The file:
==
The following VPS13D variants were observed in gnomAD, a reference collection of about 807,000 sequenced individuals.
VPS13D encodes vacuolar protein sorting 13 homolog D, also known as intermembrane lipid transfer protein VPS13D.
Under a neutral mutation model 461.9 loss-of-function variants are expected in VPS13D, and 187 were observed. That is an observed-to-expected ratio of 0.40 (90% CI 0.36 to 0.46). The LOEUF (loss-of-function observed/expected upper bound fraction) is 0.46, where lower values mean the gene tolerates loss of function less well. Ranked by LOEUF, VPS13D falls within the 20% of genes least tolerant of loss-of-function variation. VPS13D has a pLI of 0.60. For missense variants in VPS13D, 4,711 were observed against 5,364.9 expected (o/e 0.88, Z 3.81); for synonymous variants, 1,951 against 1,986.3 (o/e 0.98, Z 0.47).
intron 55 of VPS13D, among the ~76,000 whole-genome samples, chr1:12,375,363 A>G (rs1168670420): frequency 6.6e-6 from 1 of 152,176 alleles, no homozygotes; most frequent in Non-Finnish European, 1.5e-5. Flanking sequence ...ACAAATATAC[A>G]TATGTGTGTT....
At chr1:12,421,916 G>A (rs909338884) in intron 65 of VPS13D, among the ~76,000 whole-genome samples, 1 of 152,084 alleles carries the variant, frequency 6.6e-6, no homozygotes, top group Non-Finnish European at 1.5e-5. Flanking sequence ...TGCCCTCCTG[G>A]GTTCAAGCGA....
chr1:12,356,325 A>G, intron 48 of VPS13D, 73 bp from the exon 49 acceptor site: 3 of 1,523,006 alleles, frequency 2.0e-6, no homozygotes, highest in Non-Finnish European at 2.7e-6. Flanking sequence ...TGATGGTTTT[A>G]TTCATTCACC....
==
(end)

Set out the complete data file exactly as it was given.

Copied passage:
The following VPS13D variants were observed in gnomAD, a reference collection of about 807,000 sequenced individuals.
VPS13D encodes vacuolar protein sorting 13 homolog D, also known as intermembrane lipid transfer protein VPS13D.
Under a neutral mutation model 461.9 loss-of-function variants are expected in VPS13D, and 187 were observed. That is an observed-to-expected ratio of 0.40 (90% CI 0.36 to 0.46). The LOEUF (loss-of-function observed/expected upper bound fraction) is 0.46, where lower values mean the gene tolerates loss of function less well. Ranked by LOEUF, VPS13D falls within the 20% of genes least tolerant of loss-of-function variation. VPS13D has a pLI of 0.60. For missense variants in VPS13D, 4,711 were observed against 5,364.9 expected (o/e 0.88, Z 3.81); for synonymous variants, 1,951 against 1,986.3 (o/e 0.98, Z 0.47).
intron 55 of VPS13D, among the ~76,000 whole-genome samples, chr1:12,375,363 A>G (rs1168670420): frequency 6.6e-6 from 1 of 152,176 alleles, no homozygotes; most frequent in Non-Finnish European, 1.5e-5. Flanking sequence ...ACAAATATAC[A>G]TATGTGTGTT....
At chr1:12,421,916 G>A (rs909338884) in intron 65 of VPS13D, among the ~76,000 whole-genome samples, 1 of 152,084 alleles carries the variant, frequency 6.6e-6, no homozygotes, top group Non-Finnish European at 1.5e-5. Flanking sequence ...TGCCCTCCTG[G>A]GTTCAAGCGA....
chr1:12,356,325 A>G, intron 48 of VPS13D, 73 bp from the exon 49 acceptor site: 3 of 1,523,006 alleles, frequency 2.0e-6, no homozygotes, highest in Non-Finnish European at 2.7e-6. Flanking sequence ...TGATGGTTTT[A>G]TTCATTCACC....